Home & Garden Columns
I have a terrible confession to make. I feel really bad about it, but it’s probably not going to change any time soon. I don’t care if your roof leaks. Okay, I know that I’m supposed to make a big deal about this sort of thing but I’m not going to. There, I said it and I feel a whole lot better.
Well, maybe that’s not entirely true. I do care if your roof leaks, but not that much. And I would argue that you shouldn’t, either. If the thought of dripping water bugs you so badly that you’re compelled to fix it immediately, I would say, “Get on with it, then,” and hand you the phone to call the roofer. However, for most of us, it’s just not all that important because roof leaks don’t kill people.
I’m interested in everything about the house but I’m most interested in things that can kill people or hurt them seriously or cause a massive loss of value. This is what might be called worst-case scenario inspecting and is what I try to do every day.
It is very easy to lose perspective when looking at a large list of maintenance issues and, to the credit of many of my clients; they will intuit and communicate this when we’re looking at their house, skyscraper or aircraft hangar. Most will say, “Please tell the things that you think matter the most” or “Can you tell me the five things that you’d do first after I’ve moved in?” This is a darned good start, to be sure, but it’s not enough. These questions should also include, “What’s going to kill me?” and perhaps “What’s going to end up costing me a bucket of money?” Even if I’m not asked, this robot comes preprogrammed to process all of these questions. Maybe it’s because I’m a worrier, but it doesn’t make any sense to me to look at a range of home inspection issues and to fail to list them by hazard level. Another criterion that must be made a part of this thinking is: What’s the cost and what’s the benefit?
So let’s take a look at a few things that I would place near the top (and near the bottom) of my worst-case scenario inspecting list. I would virtually always begin with those things related to fire. In my world, there’s not much worse than death by fire and although we can’t prevent all fires, we can certainly do a lot about preventing deaths caused by fires. So, my favorite inspection item is the smoke detector: low cost, high benefit.
CO (carbon monoxide) testers are similar. While fire is much worse and far more common than CO, CO still remains a killer that can be addressed with a $25 device and a $2 battery. By the way, let’s not forget batteries. Installing fresh batteries for smoke and CO detectors has an extremely high yield in our index of safety vs. cost. It’s amazing how many smoke detectors I see that lack only a $2 battery to make a life or death difference.
Fire escape is also very high on my list. This can include removal of window bars, installation of rope or chain ladders, training of children and accounting for the needs of the disabled (e.g. can they get oustside?). Window size and type is also a pretty large issue here. If a window doesn’t open enough to climb out (or for a firewoman to climb in!) it’s a BIG problem. Window locks that require a key are a huge hazard and have serious cost/benefit and worst-case indexes. The same applies to “double cylinder” door locks that require a key to escape.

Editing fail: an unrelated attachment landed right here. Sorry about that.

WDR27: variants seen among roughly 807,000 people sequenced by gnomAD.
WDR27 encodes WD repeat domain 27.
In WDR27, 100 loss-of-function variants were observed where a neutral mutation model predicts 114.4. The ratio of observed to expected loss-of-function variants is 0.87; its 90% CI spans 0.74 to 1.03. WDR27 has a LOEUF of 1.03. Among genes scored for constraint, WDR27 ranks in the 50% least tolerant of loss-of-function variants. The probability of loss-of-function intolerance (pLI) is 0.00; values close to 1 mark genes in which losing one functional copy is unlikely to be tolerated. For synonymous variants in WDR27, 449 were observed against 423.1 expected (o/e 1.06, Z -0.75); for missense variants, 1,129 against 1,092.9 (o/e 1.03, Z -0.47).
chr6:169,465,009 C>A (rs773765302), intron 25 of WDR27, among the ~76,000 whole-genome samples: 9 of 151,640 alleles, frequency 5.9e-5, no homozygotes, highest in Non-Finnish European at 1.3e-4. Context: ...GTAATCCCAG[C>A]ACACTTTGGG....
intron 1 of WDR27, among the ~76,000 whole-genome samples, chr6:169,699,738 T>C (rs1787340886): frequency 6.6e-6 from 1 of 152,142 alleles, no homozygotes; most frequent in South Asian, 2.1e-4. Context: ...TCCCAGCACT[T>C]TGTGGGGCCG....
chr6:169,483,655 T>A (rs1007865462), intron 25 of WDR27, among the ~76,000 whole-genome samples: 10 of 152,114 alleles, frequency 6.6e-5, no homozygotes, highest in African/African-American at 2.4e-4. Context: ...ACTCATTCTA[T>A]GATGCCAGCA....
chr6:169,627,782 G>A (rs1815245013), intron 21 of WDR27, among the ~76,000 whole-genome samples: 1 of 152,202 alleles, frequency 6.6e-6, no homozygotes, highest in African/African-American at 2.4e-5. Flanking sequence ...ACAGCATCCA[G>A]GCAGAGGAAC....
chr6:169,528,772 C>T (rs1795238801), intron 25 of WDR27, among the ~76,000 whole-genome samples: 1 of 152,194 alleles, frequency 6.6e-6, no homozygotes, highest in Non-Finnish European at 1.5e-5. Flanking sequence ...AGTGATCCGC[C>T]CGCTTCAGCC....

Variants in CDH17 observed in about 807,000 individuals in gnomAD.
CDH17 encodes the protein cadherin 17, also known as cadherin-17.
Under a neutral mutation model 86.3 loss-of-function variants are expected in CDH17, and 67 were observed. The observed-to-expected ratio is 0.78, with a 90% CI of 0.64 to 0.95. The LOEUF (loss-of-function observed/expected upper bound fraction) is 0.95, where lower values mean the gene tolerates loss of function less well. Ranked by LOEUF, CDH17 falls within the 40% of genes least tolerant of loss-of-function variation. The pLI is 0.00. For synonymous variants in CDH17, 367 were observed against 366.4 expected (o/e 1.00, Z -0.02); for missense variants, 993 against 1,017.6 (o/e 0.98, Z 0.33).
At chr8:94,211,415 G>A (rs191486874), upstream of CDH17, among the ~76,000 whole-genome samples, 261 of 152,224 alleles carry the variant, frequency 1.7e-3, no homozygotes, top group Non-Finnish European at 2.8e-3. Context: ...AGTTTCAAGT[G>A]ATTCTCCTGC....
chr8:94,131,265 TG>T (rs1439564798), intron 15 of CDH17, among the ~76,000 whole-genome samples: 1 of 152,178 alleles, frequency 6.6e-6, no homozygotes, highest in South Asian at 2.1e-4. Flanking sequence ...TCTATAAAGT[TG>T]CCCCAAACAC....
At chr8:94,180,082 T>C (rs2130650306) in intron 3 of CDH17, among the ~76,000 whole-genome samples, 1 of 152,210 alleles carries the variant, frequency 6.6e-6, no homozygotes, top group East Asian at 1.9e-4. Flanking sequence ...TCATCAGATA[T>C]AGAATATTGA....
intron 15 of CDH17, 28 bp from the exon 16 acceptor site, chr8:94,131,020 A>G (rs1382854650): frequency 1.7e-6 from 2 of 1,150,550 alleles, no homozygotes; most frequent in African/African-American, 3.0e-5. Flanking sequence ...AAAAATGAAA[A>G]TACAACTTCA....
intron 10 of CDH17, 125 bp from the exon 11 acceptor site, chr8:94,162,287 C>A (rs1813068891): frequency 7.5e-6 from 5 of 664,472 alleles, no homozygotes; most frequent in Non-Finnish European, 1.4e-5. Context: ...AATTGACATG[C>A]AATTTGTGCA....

Let’s jump down to the low end of the worst-case-scenario list and look again at our leaking roof (actually, your leaking roof; mine’s fine). If the roof leaks, it is almost impossible for this to cause a death (although my mind, like yours, is now rushing to picture all the wild Rube Goldberg linkages in which a wet spot overhead could be fatal.) In fact, for the most part, most roof leaks usually become extremely noticeable—if not unsightly—before they’ve done any significant structural damage. (I always like to remind people that wood is not easily damaged by water; they build boats out of it!) For the most part, roof leaks damage ceiling finishes and if allowed to advance can then damage other components such as wiring and framing. Yes, sheetrock and plaster are quickly damaged and possibly destroyed by roof leaks and this is sort of sad—but sort of not very much. It shouldn’t be anyone’s worst-case scenario.
I won’t miss the chance to throw in my personal dead-horse-celebre (would Mme care for her metaphores mixed or on-the-side): the earthquake. While you may never experience a very large earthquake, the worst-case scenario is very, very serious. There can be death (most likely by fire) and there will almost certainly be a great deal of property damage and loss after a very large earthquake. For my friends in the Bay Area, earthquake concerns definitely should take precedence over roof leaks. I would sooner see my client spend seven grand on seismic retrofitting for an earthquake that they may or may not experience than spend one grand fixing a leak that’s occurring today! If you live where earthquakes are less likely, substitute your own local disaster (tornado, locusts, Sarah Palin) and adjust your funding and action accordingly.
Now, I’m not actually suggesting that you simply let the roof leak. I am suggesting that you have a rational plan for home maintenance. It’s fine and good and terrific to spend money on the things that make you crazy as they present themselves to you, dirty paws and all, but it’s vital that we focus a portion of our energy to manage the things that might do great harm to us and those we love, even if the potential harm seems way off in the distance.
And of course, remember to eat out more often, smile a lot and get more hugs.